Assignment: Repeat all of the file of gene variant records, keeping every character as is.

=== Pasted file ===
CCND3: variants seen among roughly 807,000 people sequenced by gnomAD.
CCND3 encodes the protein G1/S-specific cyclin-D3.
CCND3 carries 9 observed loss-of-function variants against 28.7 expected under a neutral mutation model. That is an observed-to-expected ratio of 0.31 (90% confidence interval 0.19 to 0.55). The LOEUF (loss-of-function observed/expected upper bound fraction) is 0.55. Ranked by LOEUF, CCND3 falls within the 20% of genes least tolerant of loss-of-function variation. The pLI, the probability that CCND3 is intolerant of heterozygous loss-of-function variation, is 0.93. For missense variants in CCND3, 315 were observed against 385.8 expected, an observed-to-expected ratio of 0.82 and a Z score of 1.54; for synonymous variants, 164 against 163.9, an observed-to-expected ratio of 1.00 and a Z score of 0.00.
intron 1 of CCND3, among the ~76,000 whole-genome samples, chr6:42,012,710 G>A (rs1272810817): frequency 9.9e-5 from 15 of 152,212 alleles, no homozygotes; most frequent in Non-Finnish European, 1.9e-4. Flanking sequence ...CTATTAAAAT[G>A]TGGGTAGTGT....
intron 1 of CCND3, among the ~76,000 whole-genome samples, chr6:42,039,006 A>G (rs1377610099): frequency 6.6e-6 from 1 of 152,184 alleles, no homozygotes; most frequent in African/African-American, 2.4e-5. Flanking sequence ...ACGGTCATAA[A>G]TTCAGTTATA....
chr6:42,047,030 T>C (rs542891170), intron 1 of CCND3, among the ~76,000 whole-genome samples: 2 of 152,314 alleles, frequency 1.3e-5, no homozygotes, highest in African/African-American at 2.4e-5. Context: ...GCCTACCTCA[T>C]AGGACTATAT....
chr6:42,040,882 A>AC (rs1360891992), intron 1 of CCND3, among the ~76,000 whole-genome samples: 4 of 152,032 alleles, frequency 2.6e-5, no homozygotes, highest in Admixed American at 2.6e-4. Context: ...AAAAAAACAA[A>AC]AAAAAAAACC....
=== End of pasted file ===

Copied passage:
CCND3: variants seen among roughly 807,000 people sequenced by gnomAD.
CCND3 encodes the protein G1/S-specific cyclin-D3.
CCND3 carries 9 observed loss-of-function variants against 28.7 expected under a neutral mutation model. That is an observed-to-expected ratio of 0.31 (90% confidence interval 0.19 to 0.55). The LOEUF (loss-of-function observed/expected upper bound fraction) is 0.55. Ranked by LOEUF, CCND3 falls within the 20% of genes least tolerant of loss-of-function variation. The pLI, the probability that CCND3 is intolerant of heterozygous loss-of-function variation, is 0.93. For missense variants in CCND3, 315 were observed against 385.8 expected, an observed-to-expected ratio of 0.82 and a Z score of 1.54; for synonymous variants, 164 against 163.9, an observed-to-expected ratio of 1.00 and a Z score of 0.00.
intron 1 of CCND3, among the ~76,000 whole-genome samples, chr6:42,012,710 G>A (rs1272810817): frequency 9.9e-5 from 15 of 152,212 alleles, no homozygotes; most frequent in Non-Finnish European, 1.9e-4. Flanking sequence ...CTATTAAAAT[G>A]TGGGTAGTGT....
intron 1 of CCND3, among the ~76,000 whole-genome samples, chr6:42,039,006 A>G (rs1377610099): frequency 6.6e-6 from 1 of 152,184 alleles, no homozygotes; most frequent in African/African-American, 2.4e-5. Flanking sequence ...ACGGTCATAA[A>G]TTCAGTTATA....
chr6:42,047,030 T>C (rs542891170), intron 1 of CCND3, among the ~76,000 whole-genome samples: 2 of 152,314 alleles, frequency 1.3e-5, no homozygotes, highest in African/African-American at 2.4e-5. Context: ...GCCTACCTCA[T>C]AGGACTATAT....
chr6:42,040,882 A>AC (rs1360891992), intron 1 of CCND3, among the ~76,000 whole-genome samples: 4 of 152,032 alleles, frequency 2.6e-5, no homozygotes, highest in Admixed American at 2.6e-4. Context: ...AAAAAAACAA[A>AC]AAAAAAAACC....